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641. The power of the great (XVIII)



Not to sound more schizo than I actually am, but Mother’s Day is a communist plot—no, really. Around the early 1900s, thanks to men like Ivy Lee (see, William S. Burroughs), PR really found its stride; hence every day of the year has several designations—International Coliotus Day, International Ringworm Day, National Pessary Month etc. Mother’s Day belongs among these inventions: it was developed by a suffragette and anti-war activist as a day to beg men not to fight anymore (in remembrance of the American Civil War). The British version, copied from the American, remains a little better because it moves the day to Mothering Sunday—a traditional church celebration. Still, the basic point is to foreground feminism, suffragism, and egalitarianism—to feed feminine narcissism, women yearn for “recognition”.


This decade “Father’s Day” has suddenly become “a thing”—just like holidays to Iceland to see the Northern Lights. I am labile as regards advertisement, I still use Old Spice because, about a decade ago, I was hypnotised into it by an advert that featured a funny black man who rode a horse self-consciously. Initially, I fell for the Father’s Day posters and bought my father a large Italian sausage on the appointed day. “It seemed appropriate,” I said. Yet “Father’s Day” is a nonsense, never have fathers been more disprivileged; the motivation to assign a day to celebrate them is not for commercial reasons—it is to associate masculinity with femininity. Men do not want recognition, they want respect—so a “day to recognise fathers” constitutes a means to feminise men.


What is a man? There is always a question over what it means to be a man because, unlike with women, a man’s role does not have such an obvious biological function in the contemporary world. A woman’s purpose is twofold: firstly, to have babies; secondly, to care for babies, the elderly, and the sick—and that is it; everyone knows what a woman is. With men it is a little more difficult: men have more possibilities and are less constrained by their inherent biological function—hence men create everything of interest in the world. At base, a man’s role is to be a hunter and warrior: to have an antagonist, whether man or beast, and to kill that antagonist.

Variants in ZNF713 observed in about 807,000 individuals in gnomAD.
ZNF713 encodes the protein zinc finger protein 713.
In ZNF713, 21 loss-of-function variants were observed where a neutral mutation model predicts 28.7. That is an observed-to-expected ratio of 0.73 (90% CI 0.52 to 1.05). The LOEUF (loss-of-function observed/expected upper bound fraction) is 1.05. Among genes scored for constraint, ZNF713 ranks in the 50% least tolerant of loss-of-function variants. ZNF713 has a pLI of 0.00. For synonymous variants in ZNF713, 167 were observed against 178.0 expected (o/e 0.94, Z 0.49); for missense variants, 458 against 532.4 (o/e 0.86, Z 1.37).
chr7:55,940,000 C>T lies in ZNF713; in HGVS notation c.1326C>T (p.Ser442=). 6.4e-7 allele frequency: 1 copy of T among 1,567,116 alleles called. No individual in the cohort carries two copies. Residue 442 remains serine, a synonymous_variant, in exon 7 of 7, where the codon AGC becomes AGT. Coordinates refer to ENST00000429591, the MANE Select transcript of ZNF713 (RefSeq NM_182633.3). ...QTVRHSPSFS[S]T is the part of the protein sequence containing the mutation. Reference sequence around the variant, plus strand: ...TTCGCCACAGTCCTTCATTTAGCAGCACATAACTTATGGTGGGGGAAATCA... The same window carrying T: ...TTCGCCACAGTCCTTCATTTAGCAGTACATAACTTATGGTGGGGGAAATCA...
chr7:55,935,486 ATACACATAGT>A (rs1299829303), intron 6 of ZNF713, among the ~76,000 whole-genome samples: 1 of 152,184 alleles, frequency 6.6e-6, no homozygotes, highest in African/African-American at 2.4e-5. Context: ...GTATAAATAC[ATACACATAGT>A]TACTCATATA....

However, in man’s state of perpetual war he has changed his environment so that the antagonist has become greatly abstracted—the programmer goes out to “hunt” to feed his wife, to beat other app developers; and yet the antagonism is so abstracted that it is hardly visible in his day-to-day activity—even soldiers might go a whole career without sighting the enemy (logistics is the core of modern war, he won the war by application of the latest just-in-time production methodologies to missile procurement).


Since men are competitive—antagonistic hunters—they also compete over what it means to be a man in an environment that has abstracted warriorship to a huge degree; hence contemporary questions over “What is a man?” reflect meta-masculinity; and so we have debates over whether it is “gay” to be bodybuilder, or to be an app developer, or to work on a ranch (but a tourist ranch, totally gay—not a real man, not a real cowboy). Yet you can tell that in the end it all comes down to warriorship—men remove life, women give life.


The exception is the shaman, the medicine man, because he is a spiritual hermaphrodite. The man who can care and kill is a shaman: the doctor is a shaman, “with the power of life and death, as with God”, and so their symbol is the Hermetic staff (the Hermetic knowledge to become as God) with a snake twined around it—the snake’s venom can heal or kill, in accord with amount. The “true shaman” also hunts and heals with magic: the magic-worker moves between two worlds—night and day, Sun and Moon—and in his precession highlights the inherent dimorphism between the sexes.


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